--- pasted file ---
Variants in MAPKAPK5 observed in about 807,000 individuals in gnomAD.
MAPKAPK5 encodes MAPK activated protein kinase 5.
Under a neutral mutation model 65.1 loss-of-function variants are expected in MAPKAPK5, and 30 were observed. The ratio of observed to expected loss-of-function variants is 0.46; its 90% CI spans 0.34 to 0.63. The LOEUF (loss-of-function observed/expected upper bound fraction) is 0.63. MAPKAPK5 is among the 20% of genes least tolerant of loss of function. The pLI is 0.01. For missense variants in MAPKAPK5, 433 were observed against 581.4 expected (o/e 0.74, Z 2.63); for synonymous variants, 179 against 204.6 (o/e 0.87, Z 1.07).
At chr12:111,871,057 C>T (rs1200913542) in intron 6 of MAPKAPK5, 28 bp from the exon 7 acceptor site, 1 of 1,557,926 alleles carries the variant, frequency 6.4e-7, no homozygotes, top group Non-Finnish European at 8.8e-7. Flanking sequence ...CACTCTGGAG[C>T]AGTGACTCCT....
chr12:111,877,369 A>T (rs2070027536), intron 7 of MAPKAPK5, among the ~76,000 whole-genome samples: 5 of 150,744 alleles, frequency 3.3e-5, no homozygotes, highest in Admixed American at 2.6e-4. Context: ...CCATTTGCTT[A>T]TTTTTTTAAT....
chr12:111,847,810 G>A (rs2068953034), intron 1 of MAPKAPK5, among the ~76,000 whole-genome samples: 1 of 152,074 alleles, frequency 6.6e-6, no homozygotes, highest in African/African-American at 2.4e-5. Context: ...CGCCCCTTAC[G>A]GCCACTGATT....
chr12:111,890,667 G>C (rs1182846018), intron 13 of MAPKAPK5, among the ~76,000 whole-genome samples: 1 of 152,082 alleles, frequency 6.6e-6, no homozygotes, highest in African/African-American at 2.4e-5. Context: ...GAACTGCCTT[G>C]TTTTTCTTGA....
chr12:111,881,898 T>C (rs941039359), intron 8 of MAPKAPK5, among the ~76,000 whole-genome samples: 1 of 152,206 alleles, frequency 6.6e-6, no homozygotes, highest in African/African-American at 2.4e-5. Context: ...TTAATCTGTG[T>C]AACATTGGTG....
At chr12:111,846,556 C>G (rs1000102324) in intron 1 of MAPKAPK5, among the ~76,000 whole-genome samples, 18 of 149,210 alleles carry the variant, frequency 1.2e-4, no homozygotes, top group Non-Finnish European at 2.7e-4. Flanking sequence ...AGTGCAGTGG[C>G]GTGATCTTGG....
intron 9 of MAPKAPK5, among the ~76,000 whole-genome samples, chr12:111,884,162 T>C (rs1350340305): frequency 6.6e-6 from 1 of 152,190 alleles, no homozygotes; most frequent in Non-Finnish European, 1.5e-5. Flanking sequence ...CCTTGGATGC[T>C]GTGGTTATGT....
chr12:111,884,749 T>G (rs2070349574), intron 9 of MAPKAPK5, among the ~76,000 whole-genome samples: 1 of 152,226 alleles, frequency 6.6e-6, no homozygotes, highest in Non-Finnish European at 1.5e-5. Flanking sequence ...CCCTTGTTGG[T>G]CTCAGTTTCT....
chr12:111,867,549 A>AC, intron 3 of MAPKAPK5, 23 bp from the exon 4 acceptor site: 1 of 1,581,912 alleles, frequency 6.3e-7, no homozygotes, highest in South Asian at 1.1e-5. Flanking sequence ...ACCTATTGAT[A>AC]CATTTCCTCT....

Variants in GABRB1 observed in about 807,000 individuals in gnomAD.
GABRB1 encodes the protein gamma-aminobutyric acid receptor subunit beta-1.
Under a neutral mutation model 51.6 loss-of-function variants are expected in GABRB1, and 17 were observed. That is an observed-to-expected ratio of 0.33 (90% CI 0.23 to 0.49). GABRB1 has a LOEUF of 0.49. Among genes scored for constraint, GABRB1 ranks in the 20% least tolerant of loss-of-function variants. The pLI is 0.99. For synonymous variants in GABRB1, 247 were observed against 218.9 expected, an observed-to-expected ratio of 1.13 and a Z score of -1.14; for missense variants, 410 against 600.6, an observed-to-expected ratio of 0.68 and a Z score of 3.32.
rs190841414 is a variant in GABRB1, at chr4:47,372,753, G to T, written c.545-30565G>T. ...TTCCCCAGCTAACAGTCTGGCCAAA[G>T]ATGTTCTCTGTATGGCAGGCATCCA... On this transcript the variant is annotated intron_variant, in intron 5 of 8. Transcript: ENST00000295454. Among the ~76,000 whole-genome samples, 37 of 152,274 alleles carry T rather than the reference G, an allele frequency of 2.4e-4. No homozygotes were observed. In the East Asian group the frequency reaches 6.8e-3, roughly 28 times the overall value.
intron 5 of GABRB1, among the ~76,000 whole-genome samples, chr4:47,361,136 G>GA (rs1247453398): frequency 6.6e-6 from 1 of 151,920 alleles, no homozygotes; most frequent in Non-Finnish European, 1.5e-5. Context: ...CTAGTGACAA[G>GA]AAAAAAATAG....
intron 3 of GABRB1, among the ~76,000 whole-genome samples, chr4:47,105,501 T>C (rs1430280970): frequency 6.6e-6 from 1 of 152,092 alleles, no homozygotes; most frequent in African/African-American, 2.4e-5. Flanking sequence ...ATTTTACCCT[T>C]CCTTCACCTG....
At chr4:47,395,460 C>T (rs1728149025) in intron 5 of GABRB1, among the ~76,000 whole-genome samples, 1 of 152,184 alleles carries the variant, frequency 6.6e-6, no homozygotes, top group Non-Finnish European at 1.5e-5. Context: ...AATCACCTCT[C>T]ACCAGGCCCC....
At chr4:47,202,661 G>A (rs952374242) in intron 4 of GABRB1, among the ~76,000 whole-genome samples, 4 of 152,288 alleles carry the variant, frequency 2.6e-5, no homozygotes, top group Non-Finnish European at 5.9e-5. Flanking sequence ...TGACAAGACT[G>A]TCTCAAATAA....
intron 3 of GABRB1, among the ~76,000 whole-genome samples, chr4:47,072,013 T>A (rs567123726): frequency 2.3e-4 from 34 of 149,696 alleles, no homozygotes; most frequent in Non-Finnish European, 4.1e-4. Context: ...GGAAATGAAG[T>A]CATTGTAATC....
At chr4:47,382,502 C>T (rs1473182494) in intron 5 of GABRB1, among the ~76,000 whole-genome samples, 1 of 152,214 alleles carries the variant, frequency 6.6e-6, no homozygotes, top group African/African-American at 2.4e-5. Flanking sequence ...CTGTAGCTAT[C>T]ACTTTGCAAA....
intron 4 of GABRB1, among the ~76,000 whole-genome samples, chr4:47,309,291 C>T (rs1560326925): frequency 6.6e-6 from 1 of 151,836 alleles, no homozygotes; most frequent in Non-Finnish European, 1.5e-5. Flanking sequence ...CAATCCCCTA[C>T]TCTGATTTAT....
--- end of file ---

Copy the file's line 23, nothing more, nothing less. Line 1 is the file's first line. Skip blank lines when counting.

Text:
intron 4 of GABRB1, among the ~76,000 whole-genome samples, chr4:47,309,291 C>T (rs1560326925): frequency 6.6e-6 from 1 of 151,836 alleles, no homozygotes; most frequent in Non-Finnish European, 1.5e-5. Flanking sequence ...CAATCCCCTA[C>T]TCTGATTTAT....